The future is in the Cloud. It’s where the biggest talent gap is.

Markus Winterholer

I remember when it was derogatory to refer to someone as having their head in the clouds. Nowadays it seems we all want our heads in the Cloud. The problem is, as Markus Winterholer reliably informed me, the technology has moved so fast that there simply isn’t enough talent to meet the demand.

“In the past,” Markus explained, “When you had an idea, you’d need a huge budget to build the computer power, amass the data storage capacity, and hire the workforce to operate a system. It took months to get something off the ground and if it didn’t work, you were screwed! Nowadays, failure is acceptable. It happens fast and frequently because you don’t need to buy this hardware infrastructure anymore. Anyone can experiment with new technologies like Artificial Intelligence or Machine Learning (AI/ML), digital twins, and simulations simply by logging into their Amazon account.”

In the context of the job market, even though hardware maintenance is now virtualised, the skillset is far from redundant. As Markus explained, “This expertise in networking, security, database and server configuration, etc. is now needed to configure the Cloud software. Instead of doing this work with a screwdriver, it is done with a script.”

This shift has led to new opportunities for anyone that understands how to programme hardware infrastructure – from C-level executives down to administrators. According to Markus, though, it’s almost impossible to find people on the market. What’s missing is the ability to apply hardware experience within the high-speed demands of the Cloud. To fill this gap, AWS currently spends a lot of time training partners and customers, educating recruiters, and supporting universities.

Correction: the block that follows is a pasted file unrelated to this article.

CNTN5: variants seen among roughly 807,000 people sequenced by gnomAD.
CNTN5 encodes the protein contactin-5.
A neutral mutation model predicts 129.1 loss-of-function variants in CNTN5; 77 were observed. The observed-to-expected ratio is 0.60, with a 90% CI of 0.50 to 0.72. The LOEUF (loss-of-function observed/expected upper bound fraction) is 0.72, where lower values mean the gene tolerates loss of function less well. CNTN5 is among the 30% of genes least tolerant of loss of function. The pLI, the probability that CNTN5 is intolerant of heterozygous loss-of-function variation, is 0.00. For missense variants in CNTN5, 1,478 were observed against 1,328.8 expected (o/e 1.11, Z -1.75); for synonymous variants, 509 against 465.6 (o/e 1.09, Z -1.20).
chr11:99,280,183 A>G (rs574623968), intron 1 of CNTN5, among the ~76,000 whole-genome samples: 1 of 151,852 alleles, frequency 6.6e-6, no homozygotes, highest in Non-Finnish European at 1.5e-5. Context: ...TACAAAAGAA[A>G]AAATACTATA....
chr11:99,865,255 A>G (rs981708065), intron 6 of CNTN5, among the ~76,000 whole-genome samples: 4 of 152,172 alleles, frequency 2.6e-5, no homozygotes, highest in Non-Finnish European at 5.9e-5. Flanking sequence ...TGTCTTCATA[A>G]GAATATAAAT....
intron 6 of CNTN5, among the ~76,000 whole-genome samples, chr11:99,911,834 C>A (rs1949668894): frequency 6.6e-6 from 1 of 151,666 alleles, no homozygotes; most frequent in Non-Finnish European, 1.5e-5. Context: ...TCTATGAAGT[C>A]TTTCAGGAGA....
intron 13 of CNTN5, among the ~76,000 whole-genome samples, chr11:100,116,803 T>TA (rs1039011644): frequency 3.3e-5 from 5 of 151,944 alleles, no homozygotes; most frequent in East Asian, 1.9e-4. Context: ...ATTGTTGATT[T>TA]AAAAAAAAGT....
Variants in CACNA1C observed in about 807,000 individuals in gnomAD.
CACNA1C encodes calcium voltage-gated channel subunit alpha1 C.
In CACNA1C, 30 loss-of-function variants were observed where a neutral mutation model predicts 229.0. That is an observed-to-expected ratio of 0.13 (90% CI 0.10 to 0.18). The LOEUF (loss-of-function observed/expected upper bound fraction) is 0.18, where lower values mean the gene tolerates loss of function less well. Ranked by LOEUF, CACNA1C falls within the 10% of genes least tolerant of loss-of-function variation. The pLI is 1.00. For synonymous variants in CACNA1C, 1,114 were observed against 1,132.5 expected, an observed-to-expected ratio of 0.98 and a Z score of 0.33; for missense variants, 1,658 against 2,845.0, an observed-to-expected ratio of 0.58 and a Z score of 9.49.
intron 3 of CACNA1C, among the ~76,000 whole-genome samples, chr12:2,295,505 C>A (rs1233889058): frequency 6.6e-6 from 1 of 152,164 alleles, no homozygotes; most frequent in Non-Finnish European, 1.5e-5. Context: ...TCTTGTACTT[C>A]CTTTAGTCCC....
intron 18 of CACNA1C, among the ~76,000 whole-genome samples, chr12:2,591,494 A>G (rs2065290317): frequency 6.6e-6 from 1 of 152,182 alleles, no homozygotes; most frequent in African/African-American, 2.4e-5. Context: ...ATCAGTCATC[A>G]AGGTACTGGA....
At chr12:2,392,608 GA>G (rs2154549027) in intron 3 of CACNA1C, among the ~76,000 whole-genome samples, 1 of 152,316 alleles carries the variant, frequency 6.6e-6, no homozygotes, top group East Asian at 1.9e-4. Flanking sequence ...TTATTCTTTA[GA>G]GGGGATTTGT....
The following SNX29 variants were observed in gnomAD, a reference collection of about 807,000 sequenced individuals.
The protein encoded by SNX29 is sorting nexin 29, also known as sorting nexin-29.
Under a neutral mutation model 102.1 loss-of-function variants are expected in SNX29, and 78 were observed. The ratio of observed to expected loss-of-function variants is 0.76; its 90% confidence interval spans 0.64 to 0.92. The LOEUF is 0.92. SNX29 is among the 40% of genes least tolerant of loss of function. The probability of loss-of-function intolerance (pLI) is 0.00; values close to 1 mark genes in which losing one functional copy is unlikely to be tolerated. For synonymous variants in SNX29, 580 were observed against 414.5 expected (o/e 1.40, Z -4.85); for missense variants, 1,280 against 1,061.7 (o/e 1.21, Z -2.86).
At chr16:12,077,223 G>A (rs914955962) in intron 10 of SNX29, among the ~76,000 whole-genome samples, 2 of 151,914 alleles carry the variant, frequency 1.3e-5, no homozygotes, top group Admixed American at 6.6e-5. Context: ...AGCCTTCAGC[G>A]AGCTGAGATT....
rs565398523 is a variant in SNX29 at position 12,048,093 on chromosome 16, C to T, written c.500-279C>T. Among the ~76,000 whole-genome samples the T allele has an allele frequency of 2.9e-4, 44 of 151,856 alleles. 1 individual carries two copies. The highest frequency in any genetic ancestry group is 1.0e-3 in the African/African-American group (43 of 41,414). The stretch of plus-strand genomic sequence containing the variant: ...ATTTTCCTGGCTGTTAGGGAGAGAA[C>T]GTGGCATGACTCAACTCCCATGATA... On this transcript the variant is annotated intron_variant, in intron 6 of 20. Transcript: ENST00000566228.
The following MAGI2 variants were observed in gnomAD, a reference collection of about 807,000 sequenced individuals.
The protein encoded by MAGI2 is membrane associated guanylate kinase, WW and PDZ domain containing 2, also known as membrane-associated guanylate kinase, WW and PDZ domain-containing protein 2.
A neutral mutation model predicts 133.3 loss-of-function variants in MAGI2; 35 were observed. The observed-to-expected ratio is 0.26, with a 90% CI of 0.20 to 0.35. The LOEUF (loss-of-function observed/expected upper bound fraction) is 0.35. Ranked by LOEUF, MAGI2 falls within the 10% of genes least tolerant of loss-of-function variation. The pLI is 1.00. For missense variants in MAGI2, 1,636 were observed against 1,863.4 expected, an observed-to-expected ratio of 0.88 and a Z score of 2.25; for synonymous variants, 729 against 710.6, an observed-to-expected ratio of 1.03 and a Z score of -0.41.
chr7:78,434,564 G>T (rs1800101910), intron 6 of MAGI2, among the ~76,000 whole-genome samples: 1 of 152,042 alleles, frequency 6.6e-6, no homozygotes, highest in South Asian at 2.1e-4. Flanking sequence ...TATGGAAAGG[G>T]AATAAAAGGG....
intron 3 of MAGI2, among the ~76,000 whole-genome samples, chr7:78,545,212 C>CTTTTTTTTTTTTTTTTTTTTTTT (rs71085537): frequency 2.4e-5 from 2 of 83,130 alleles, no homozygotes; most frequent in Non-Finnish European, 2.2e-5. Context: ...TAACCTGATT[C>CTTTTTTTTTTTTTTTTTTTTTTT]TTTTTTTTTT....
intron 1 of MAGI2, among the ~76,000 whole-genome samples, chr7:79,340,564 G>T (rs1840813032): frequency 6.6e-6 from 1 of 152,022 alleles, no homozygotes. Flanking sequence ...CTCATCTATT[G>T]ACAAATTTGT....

Markus left me with what seems like Cloud technology’s answer to a Confucian proverb, which I imagine current and future job seekers would do well to consider, “Cloud makes hardware agile. Agility equates to being smart and fast. Hardware maintenance has always required smart people. Cloud demands speed in addition.”

Markus Winterholer is Practice Manager, Global & Strategic Accounts, at Amazon Web Services (AWS) Zürich. We are delighted to have Markus as a member of our newly formed University of St.Gallen MBA "Future Skills Advisory Board". 

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